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4. Thaler ER, Rassekh CH, Lee JM, Weinstein GS, O'Malley Jr BW. Outcomes for multilevel
surgery for sleep apnea: obstructive sleep apnea, transoral robotic surgery, and uvulopalatopharyngoplasty. Laryngoscope. 2016;126(1):266–9.
5. Kezirian EJ. Nonresponders to pharyngeal surgery for obstructive sleep apnea: insights from
drug-induced sleep endoscopy. Laryngoscope. 2011;121(6):1320–6.
6. Vicini C, Dallan I, Canzi P, Frassineti S, Nacci A, Seccia V, et al. Transoral robotic surgery of
the tongue base in obstructive sleep apnea-hypopnea syndrome: anatomic considerations and
clinical experience. Head Neck. 2012;34(1):15–22.
7. Vicini C, Dallan I, Canzi P, Frassineti S, La Pietra MG, Montevecchi F. Transoral robotic
tongue base resection in obstructive sleep apnoea-hypopnoea syndrome: a preliminary report.
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Transoral robotic glossectomy for the treatment of obstructive sleep apnea-hypopnea syndrome. Otolaryngol Head Neck Surg. 2012;146(5):854–62.
9. Lin HS, Rowley JA, Badr MS, Folbe AJ, Yoo GH, Victor L, et al. Transoral robotic surgery for
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TORS in a Multilevel Procedure
10. Vicini C, Montevecchi F, Campanini A, Dallan I, Hoff PT, Spector ME, et al. Clinical outcomes and complications associated with TORS for OSAHS: a benchmark for evaluating an
emerging surgical technology in a targeted application for benign disease. ORL
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11. Pang KP, Woodson BT. Expansion sphincter pharyngoplasty: a new technique for the treatment of obstructive sleep apnea. Otolaryngol Head Neck Surg. 2007;137(1):110–4.
12. Vicini C, Montevecchi F, Pang K, Bahgat A, Dallan I, Frassineti S, et al. Combined transoral
robotic tongue base surgery and palate surgery in obstructive sleep apnea-hypopnea syndrome:
expansion sphincter pharyngoplasty versus uvulopalatopharyngoplasty. Head Neck.
13. Fairbanks DN. Operative techniques of uvulopalatopharyngoplasty. Ear Nose Throat
14. Li HY, Lee LA. Relocation pharyngoplasty for obstructive sleep apnea. Laryngoscope.
15. Vicini C, Hendawy E, Campanini A, Eesa M, Bahgat A, AlGhamdi S, Montevecchi F, et al.
Barbed reposition pharyngoplasty (BRP) for OSAHS: a feasibility, safety, efﬁcacy and teachability pilot study. “We are on the giant’s shoulders”. Eur Arch Otorhinolaryngol.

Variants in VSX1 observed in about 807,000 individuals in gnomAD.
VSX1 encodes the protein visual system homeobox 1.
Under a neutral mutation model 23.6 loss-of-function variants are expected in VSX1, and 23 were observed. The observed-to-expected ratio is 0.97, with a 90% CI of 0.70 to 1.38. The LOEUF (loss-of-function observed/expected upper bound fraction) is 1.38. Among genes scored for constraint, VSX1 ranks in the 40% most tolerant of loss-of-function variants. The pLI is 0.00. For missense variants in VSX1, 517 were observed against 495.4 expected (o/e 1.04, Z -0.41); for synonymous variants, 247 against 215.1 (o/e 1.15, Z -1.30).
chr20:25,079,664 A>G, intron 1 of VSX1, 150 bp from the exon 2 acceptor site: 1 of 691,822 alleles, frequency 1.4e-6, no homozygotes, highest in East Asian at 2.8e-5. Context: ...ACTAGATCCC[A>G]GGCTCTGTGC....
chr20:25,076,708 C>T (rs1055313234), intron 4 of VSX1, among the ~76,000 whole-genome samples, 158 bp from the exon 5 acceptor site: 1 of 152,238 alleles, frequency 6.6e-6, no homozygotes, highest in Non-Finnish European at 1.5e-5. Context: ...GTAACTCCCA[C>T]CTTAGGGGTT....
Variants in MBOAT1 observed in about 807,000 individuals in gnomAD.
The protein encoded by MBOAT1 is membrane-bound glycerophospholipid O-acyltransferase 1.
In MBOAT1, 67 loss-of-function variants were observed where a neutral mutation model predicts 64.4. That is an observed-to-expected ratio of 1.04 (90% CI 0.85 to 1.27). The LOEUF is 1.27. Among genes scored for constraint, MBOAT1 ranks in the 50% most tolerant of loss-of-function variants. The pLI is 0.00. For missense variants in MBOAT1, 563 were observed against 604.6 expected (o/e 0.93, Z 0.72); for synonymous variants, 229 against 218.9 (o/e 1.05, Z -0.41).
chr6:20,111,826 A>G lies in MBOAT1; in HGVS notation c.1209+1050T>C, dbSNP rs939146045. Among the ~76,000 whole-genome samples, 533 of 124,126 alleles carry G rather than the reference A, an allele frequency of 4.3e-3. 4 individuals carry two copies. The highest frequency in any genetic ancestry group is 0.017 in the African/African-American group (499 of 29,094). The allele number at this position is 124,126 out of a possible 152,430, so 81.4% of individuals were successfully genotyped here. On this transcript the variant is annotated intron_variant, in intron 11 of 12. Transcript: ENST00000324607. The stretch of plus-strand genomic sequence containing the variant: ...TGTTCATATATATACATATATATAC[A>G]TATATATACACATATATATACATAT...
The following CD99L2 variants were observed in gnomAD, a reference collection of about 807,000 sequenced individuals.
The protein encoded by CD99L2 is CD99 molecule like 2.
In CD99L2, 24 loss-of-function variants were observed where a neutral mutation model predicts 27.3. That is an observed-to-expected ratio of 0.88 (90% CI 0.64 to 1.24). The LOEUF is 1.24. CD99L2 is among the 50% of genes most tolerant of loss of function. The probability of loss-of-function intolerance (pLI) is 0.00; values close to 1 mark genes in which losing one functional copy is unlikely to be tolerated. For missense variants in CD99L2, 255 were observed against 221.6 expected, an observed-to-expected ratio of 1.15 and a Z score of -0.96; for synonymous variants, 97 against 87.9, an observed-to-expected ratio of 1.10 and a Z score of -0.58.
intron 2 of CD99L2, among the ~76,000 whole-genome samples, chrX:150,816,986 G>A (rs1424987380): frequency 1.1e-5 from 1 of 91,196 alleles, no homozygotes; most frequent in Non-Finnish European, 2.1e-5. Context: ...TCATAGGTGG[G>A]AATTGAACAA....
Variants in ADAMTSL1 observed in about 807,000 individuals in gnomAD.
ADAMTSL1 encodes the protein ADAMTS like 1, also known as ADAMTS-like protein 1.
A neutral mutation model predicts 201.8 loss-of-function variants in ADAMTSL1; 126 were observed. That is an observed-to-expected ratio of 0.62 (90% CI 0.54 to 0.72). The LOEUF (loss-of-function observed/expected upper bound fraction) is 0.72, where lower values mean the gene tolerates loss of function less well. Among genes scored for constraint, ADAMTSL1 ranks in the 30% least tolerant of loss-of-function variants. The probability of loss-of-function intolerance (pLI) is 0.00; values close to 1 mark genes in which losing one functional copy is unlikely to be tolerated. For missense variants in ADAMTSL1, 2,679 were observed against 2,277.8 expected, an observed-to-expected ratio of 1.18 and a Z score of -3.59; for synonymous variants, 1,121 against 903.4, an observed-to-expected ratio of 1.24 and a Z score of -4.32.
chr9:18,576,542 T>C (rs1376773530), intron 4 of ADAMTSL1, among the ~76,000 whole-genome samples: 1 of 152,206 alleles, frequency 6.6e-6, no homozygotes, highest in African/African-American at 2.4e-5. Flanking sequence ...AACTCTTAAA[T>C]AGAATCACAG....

16. Mantovani M, Minetti A, Torretta S, Pincherle A, Tassone G, Pignataro L. The “Barbed Roman
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Mohamed Eesa, Ahmed Bahgat, and Ehsan Hendawy
TORS was devised as a robotically assisted transoral version of Chabolle’s operation
(open transcervical Tongue Base Reduction and Hyo-Epiglottoplasty, TBRHE) 
for moderate to severe obstructive sleep apnea hypopnea syndrome (OSAHS). This
chapter gives an overview of the alternative procedures that can be used to address
tongue base obstruction in OSAHS patients.
The ideal surgical approach for the tongue base should provide both excellent exposure and visualization in order to perform a safe and adequate resection of obstructing tissue. The procedure should minimize collateral damage to surroundings
structures in order to maintain the critical role of the tongue base in determining the
patient’s quality of life.
Base of tongue (BOT) resection for the treatment of OSAHS is not a new concept. In 1991, Fujita et al. ﬁrst reported on the use of carbon dioxide laser for midline glossectomy in 12 patients who did not respond to UPPP . Many modiﬁcations
of this technique have been published to improve the response rate; however, surgical management of the tongue base by a microscopic-laser-assisted approach is
M. Eesa, M.D., M.Sc., E.B.E. (*) • E. Hendawy, M.D., M.Sc., E.B.E.
Department of Otolaryngology and Head-Neck Surgery, University of Zagazig,
Zagazig 44519, Sharkia, Egypt
e-mail: firstname.lastname@example.org; email@example.com
A. Bahgat, M.D., M.Sc., E.B.E.
Department of Otorhinolaryngology—Head & Neck Surgery, Alexandria University,
© Springer International Publishing Switzerland 2016
C. Vicini et al. (eds.), TransOral Robotic Surgery for Obstructive Sleep Apnea,
M. Eesa et al.
challenging from a technical point and requires extensive training. Furthermore,
using this technique, manipulation of tongue base tissues causes complex geometric